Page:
Adam Reichmann | Life After Nadine

I realized I still really love doing this. I started to miss it more than I thought I would."

Photo: Jaimie Johnson
 
Adam Reichmann is an unassuming rock star. He’s sincere, he doesn’t brag easily or act entitled, and he doesn’t dwell too much on the days when he co-founded and fronted Nadine, one of the most critically acclaimed and successful St. Louis bands of the last decade. Today, Reichmann is just an amicable dude on one of the hottest days in August, sweating over a cold beer across from me at the Tin Can downtown on Locust Street, just a stone’s throw from the advertising agency where he spends his days as an associate creative director and video editor.
 
Reichmann is a rock star though; just ask his many fans across Europe and those who have been around the local scene for a number of years, all of whom have anxiously awaited his return. Lucky for them, he’s finally ready, and he is here to tell me about his comeback.
 
Reichmann took a long hiatus after Nadine disbanded following their final record, Strange Seasons, in 2003. “Every band gets to a point where the party’s kind of over,” he says. “I loved everybody and there was no particular problem, it was just like it had run its course. I was sort of looking forward to just being a normal dude, working a job. So I did that, and I moved away for a while. Then I did a solo tour in Europe in 2006, where I realized I still really love doing this. I started to miss it more than I thought I would.”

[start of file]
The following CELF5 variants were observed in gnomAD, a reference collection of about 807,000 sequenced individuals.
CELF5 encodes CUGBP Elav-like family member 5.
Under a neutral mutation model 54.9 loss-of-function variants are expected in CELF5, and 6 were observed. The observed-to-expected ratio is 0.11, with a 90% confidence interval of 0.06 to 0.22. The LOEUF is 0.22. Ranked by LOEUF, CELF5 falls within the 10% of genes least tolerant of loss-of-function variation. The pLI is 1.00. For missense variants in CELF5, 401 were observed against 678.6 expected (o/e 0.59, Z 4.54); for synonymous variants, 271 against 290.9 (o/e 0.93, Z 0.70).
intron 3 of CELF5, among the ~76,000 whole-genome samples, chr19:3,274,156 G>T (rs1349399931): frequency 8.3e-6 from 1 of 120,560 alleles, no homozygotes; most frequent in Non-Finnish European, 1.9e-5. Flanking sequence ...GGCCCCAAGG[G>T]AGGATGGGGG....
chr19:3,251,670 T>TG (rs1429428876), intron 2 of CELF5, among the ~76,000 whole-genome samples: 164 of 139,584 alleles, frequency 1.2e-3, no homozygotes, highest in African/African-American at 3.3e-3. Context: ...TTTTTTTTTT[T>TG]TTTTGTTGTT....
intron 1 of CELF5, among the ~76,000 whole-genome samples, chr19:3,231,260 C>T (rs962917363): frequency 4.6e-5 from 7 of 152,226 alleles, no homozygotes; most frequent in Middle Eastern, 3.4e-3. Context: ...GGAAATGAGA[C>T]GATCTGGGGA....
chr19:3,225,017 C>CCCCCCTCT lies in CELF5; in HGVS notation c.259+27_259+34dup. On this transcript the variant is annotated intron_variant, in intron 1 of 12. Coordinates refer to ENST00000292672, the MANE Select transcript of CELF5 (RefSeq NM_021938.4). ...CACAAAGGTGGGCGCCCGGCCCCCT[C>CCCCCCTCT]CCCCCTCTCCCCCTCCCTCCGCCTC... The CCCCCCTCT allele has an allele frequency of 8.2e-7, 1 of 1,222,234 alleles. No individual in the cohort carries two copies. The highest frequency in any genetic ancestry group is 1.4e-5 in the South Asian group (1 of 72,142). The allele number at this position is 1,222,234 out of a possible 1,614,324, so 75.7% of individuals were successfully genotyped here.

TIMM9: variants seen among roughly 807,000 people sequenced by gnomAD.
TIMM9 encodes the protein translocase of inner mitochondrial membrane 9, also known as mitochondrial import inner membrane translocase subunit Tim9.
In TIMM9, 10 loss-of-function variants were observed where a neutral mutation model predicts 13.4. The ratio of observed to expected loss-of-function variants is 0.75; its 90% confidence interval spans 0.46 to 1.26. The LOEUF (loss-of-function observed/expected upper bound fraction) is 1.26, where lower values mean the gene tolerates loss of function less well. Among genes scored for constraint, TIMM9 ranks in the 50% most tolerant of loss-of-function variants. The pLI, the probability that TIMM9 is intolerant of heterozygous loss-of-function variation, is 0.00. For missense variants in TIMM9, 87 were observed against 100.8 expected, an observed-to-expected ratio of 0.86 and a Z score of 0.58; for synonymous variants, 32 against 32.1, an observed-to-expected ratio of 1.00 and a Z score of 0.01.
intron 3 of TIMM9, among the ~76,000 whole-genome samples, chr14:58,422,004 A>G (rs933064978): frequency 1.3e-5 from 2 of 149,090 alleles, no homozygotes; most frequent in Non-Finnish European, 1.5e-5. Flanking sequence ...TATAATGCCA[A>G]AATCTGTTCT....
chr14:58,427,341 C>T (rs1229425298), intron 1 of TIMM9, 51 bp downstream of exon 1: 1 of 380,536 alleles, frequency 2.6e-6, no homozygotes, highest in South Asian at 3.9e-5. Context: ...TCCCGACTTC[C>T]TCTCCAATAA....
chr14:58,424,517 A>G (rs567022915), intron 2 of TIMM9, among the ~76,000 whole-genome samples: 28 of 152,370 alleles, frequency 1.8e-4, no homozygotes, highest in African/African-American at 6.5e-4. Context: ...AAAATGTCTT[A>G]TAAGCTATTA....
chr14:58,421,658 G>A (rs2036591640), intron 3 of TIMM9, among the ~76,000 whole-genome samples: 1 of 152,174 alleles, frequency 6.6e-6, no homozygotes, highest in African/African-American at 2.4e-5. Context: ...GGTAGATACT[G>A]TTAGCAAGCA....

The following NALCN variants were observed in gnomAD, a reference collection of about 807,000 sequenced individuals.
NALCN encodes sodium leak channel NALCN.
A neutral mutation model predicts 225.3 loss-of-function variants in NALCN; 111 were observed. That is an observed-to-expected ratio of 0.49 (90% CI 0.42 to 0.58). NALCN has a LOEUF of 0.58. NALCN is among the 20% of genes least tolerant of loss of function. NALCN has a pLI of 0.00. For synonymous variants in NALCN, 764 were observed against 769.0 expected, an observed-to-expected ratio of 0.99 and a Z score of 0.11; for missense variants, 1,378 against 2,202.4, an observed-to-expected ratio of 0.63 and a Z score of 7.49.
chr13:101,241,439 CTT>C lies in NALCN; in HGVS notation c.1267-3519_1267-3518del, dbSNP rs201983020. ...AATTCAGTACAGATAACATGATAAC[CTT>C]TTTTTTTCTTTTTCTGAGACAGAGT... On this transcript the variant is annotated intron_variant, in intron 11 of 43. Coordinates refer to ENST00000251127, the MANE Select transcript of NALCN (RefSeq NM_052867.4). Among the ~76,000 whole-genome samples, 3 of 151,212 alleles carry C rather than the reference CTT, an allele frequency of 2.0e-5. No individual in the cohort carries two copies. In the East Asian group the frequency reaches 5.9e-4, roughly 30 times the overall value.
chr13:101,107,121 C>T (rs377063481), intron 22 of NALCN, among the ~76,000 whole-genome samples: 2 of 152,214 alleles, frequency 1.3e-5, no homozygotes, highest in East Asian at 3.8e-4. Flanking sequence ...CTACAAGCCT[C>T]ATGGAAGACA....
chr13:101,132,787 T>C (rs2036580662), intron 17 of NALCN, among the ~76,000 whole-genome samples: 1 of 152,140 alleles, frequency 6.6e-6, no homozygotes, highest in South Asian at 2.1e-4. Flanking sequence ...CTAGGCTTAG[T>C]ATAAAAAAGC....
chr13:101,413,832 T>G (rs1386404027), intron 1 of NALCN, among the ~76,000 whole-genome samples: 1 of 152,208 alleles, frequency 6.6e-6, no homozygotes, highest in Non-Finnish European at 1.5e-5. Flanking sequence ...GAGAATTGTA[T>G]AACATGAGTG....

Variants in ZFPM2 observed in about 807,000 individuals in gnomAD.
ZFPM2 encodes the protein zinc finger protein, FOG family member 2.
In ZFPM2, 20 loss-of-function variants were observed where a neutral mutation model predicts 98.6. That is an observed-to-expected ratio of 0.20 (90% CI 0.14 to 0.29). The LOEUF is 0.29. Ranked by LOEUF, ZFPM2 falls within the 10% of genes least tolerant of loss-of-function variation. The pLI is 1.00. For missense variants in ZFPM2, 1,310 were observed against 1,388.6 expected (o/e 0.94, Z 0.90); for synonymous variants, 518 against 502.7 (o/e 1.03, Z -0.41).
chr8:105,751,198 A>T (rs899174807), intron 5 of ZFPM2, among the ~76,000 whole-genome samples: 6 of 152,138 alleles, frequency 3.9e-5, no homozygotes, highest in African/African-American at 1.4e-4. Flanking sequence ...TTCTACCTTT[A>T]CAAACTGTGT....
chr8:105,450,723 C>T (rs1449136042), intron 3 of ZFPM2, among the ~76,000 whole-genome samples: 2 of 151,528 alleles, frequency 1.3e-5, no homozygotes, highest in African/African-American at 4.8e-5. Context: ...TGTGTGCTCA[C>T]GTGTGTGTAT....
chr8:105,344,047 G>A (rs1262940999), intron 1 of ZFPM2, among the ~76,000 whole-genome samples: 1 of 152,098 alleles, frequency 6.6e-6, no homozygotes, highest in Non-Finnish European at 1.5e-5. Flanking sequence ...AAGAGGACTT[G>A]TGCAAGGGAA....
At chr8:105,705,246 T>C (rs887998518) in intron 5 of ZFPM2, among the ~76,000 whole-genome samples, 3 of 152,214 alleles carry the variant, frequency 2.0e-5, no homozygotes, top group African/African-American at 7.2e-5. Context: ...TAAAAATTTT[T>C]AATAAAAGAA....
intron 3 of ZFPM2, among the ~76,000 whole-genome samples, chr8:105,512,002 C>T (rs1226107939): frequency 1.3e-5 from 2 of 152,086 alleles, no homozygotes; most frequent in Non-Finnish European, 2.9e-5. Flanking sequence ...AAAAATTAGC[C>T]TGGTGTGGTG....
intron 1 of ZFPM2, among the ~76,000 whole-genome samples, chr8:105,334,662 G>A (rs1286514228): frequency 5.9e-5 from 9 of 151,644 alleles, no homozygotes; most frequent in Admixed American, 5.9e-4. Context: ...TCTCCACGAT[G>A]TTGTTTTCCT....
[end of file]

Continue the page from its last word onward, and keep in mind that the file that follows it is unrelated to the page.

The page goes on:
Reichmann returned to live performing earlier this year in a couple of small, intimate shows around town and began writing new songs and collaborating with old friends including Nadine’s Steve Rauner, his long-time songwriting partner.
 
“I’m working with him as a producer and a co-songwriter. I was always kind of writing, but it was just these fragments. There was no real reason to write songs because there wasn’t a band, so I just amassed all these little fragments over time. Then I worked with Steve to turn all the fragments into songs,” says Reichmann. “He has a great mind on how to make things simple and interesting and layer parts – he thinks out of left field. He’s a really important part of my creative group.”
 
When it came time to assemble a band, Reichmann wanted to go in a new direction. “I kind of thought about working with some people I worked with before, but then I thought it would also be fun to try working with all new people.”
 
Last week, he officially debuted his new band, Adam Reichmann and the Ghosts of Electricity (a nod to his favorite Bob Dylan song) at Off Broadway before an intimate crowd of fans, playing a mix of well-received new tunes and Nadine classics. The band will play its first “big” show this weekend when they appear at the inaugural LouFest in Forest Park.
 
Though the band’s name is new to fans (“They’ll have trouble fitting it on the poster,” says Reichmann), its members are all veterans of the local scene, including guitarist/keyboardist Jason Hutto (of Phonocaptors, Walkie Talkie U.S.A. and numerous other STL bands), bassist/vocalist Mike Apirion (former lead singer of The Unconscious) and drummer Steve Bunck (formerly of The Sun Sawed in ½). Reichmann appreciates each for what they bring to the table.